On the south side of the building next to the veranda was the door to a toilet and to a shower/wash room. There were three showers and two sinks in this area.
Most of our evenings were spent on the veranda and it was here that we entertained guests and held our evening decompression sessions and devotions as well as our planning sessions for the next day.
Sometimes our guests had 4 legs. Sometimes more. Here lady and the tramp came in to see how we were doing. Lady usually held back and was quiet, the Tramp was pushy and insistent on getting attention. When one dog came alone there would be quite a battle as they vied for our attention if the other showed up. We figured they were both just puppies. Most of the time they stayed over by the other houses in the office area.
We spent our evenings by candle and flash light to keep unwanted insects away. We drank a beer or two, ate popcorn, mangos and pineapple, caught up on our journals and shared the day. Frustrations and joys were shared and a lot of laughter made the evening go fast.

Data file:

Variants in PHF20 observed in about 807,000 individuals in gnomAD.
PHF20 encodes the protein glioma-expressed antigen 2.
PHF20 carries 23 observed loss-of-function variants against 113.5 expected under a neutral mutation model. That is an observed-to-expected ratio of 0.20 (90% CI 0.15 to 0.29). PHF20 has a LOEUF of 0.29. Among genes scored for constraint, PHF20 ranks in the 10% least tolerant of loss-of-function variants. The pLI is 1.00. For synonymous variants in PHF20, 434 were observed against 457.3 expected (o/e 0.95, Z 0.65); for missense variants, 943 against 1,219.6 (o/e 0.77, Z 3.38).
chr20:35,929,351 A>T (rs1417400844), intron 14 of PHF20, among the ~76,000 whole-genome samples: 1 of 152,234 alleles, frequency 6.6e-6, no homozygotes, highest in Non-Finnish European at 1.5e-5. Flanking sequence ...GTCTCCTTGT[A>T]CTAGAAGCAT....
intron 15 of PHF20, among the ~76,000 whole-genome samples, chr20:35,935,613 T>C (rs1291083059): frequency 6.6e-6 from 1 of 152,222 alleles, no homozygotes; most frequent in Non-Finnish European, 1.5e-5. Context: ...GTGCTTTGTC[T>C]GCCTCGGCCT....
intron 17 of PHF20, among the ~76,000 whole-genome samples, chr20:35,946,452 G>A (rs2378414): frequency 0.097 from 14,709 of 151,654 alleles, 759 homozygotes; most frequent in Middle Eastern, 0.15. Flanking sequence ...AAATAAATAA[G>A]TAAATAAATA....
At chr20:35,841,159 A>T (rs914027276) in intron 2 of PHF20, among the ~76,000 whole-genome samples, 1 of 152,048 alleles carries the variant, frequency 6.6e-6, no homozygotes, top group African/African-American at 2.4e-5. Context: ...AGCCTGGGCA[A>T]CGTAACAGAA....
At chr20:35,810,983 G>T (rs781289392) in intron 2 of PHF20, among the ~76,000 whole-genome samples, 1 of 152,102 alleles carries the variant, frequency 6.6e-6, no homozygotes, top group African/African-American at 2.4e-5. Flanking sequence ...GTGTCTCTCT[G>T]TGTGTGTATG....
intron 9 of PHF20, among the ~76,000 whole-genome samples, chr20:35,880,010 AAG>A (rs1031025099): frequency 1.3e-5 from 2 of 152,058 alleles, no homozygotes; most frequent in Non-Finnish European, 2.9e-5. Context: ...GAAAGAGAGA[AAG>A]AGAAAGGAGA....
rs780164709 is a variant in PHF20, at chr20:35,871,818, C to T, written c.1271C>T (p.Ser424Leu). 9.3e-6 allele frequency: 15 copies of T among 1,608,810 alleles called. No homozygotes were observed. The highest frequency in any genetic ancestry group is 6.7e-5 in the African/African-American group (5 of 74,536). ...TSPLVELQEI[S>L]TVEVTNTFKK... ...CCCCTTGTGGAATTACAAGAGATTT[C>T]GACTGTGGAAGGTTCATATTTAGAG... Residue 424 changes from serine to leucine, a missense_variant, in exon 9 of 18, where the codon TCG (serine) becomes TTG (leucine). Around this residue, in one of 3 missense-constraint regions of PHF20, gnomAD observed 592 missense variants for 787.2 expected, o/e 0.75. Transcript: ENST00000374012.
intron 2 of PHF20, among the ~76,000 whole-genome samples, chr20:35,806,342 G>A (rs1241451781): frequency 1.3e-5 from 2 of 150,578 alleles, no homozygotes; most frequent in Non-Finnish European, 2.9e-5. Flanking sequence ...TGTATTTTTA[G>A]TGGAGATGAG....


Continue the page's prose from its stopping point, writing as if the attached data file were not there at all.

The kitchen was small but useable, since all of our meals were prepared in another building, we didn’t need much. It was the hub of our mornings and evenings.
This was our home for most of the two weeks we were in South Africa. It was humble but it was very comfortable. Since the weather is always near perfect there was no heat in the building. There were also no screens, but there were bars on the doors and windows to keep large animals and intruders out. We learned to live South African style quite quickly.
My next post will be about our bible school experience. Stay tuned
Filed under: church, garden, Kwazamohkuhle, South Africa, travel, weather, Wildlife | Tags: caterpillar, centipede, ELCA, garden, harvest, insects, moth, South Africa, weather
Fifteen people from the Shetek conference of the ELCA flew to South Africa on an agricultural mission that departed on January 31, 2011. The weather has been hot and humid as the rainy season continues in the Zulu midlands. Since it is rare that the temperatures drop below freezing the plants and animals are never stopped by the cold, that includes the insects.